Yes and definitely.

 

Why are you selling Dubleup?

The first reason is that I wanted to build a business, get it to a stage where I could sell it and differentiate myself from other people. The second reason is I’m a firm believer in doing something that you absolutely love and are passionate about and as much as I love technology, I’ve lost the passion for it.

 

 

 

Madeleine Saric is the founder of eCommerce electronics business Dubleup, which is currently for sale on Flippa.

You Don’t Have to Be a Developer to Make an App

You Don’t Have to Be a Developer to Make an App

Breaking news! You can now make apps without becoming an app developer! OK, it’s not really breaking news, but it’s not quite common knowledge either.

There’s still a bit of confusion when it comes to building apps. Many people still think you need to be a developer to build apps. On top of that there are multiple platforms, iOS and Android being the two biggest ones. So people think you need to be an app developer with a specialization in one of the platforms.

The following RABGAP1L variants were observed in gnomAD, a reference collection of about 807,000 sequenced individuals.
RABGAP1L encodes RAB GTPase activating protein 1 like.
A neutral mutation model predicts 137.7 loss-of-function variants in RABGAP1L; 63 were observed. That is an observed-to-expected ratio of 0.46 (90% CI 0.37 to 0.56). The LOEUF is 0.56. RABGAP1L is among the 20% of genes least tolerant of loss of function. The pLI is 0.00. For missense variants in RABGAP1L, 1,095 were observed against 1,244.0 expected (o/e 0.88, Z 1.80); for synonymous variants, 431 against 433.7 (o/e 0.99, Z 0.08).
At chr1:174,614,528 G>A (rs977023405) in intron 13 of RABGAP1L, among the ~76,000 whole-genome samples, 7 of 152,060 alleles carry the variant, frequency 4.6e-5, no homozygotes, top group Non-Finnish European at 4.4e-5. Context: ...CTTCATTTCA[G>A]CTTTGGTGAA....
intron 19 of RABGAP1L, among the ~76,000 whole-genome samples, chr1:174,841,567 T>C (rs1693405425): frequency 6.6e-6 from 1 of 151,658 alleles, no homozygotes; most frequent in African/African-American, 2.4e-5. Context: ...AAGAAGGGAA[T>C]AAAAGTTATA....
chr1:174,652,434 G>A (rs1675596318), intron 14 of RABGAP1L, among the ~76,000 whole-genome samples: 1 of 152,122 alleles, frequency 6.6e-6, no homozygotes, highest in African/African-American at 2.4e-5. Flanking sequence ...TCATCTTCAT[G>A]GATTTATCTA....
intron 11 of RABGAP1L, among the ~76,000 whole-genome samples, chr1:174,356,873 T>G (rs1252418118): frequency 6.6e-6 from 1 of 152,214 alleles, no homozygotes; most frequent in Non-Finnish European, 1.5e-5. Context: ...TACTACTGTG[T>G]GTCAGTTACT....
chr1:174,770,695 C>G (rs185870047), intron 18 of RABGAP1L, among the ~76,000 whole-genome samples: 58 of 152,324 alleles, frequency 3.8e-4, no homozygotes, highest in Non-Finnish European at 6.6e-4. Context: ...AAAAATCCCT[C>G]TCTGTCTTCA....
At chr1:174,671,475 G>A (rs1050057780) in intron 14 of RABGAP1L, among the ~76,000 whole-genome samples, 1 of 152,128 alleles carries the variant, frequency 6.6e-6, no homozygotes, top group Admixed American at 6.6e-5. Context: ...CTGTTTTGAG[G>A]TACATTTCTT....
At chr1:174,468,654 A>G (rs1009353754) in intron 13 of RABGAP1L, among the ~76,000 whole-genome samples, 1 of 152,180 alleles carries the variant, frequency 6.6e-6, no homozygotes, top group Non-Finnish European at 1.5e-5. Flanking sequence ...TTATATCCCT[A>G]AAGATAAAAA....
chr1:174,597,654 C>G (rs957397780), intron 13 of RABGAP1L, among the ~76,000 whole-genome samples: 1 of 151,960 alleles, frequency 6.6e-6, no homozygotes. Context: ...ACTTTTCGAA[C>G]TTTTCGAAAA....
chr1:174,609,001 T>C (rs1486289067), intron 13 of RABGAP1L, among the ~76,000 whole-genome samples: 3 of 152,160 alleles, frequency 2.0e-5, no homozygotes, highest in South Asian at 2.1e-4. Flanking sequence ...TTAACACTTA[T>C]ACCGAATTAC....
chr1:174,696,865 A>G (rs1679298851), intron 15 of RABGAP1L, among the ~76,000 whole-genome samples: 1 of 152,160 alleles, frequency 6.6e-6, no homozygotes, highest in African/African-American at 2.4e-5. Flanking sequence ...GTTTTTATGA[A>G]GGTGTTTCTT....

Yes, in the early days of apps, you did need to know coding. For an iOS app, you would have to open up XCode and build your app in Objective-C. Not that Objective-C is particularly difficult to comprehend. It simply has a tough-sounding name, which is enough to scare non-coders away.

Fortunately, things have progressed a lot since then. As always, there are two ways to creating an app. You either hire someone else to do it, or you simply build it on your own without coding.

Hire Someone Else

This is the most popular option when it comes to creating apps. Lots of people come up with new app ideas every day, but they either do not have the time or the skills to build it themselves, so they outsource it.

With sites like Freelancer, Elance and oDesk, it’s extremely easy to find someone to develop your app for cheap. Sites like this work on a bidding system, which works in favor of the employer because freelancers tend to undercut each other just to get the job. You might find a developer from India or Philippines bidding at $1/hour where a top professional app development firm in USA or Canada would charge in the hundreds.

Just remember, cheaper is not necessarily better, and yet costlier is not necessarily better either. A high-end professional development firm charging thousands is more likely to build a better app than a freelancer charging hundreds but that’s not a guarantee.

Either way, you still need to be involved in the app development process. You can’t simply pick a firm or freelancer, explain your idea, and then sit back and wait for them to send you the final product.